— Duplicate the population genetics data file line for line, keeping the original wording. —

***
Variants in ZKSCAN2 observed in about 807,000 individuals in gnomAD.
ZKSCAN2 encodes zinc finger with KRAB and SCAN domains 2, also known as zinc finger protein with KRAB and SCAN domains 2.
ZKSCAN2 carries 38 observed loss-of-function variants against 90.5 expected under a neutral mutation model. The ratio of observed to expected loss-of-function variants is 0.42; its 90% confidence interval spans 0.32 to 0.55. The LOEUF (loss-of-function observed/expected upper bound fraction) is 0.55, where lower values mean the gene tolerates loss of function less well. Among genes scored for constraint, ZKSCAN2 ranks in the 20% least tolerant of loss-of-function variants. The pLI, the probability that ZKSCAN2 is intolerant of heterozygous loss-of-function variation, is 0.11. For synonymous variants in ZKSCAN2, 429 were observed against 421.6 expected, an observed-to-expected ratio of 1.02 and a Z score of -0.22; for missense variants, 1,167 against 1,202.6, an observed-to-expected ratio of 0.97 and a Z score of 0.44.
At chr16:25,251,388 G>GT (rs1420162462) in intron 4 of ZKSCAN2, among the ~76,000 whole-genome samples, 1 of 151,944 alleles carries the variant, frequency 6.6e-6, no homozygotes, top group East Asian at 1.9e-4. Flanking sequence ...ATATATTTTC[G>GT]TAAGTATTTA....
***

Variants in ZKSCAN2 observed in about 807,000 individuals in gnomAD.
ZKSCAN2 encodes zinc finger with KRAB and SCAN domains 2, also known as zinc finger protein with KRAB and SCAN domains 2.
ZKSCAN2 carries 38 observed loss-of-function variants against 90.5 expected under a neutral mutation model. The ratio of observed to expected loss-of-function variants is 0.42; its 90% confidence interval spans 0.32 to 0.55. The LOEUF (loss-of-function observed/expected upper bound fraction) is 0.55, where lower values mean the gene tolerates loss of function less well. Among genes scored for constraint, ZKSCAN2 ranks in the 20% least tolerant of loss-of-function variants. The pLI, the probability that ZKSCAN2 is intolerant of heterozygous loss-of-function variation, is 0.11. For synonymous variants in ZKSCAN2, 429 were observed against 421.6 expected, an observed-to-expected ratio of 1.02 and a Z score of -0.22; for missense variants, 1,167 against 1,202.6, an observed-to-expected ratio of 0.97 and a Z score of 0.44.
At chr16:25,251,388 G>GT (rs1420162462) in intron 4 of ZKSCAN2, among the ~76,000 whole-genome samples, 1 of 151,944 alleles carries the variant, frequency 6.6e-6, no homozygotes, top group East Asian at 1.9e-4. Flanking sequence ...ATATATTTTC[G>GT]TAAGTATTTA....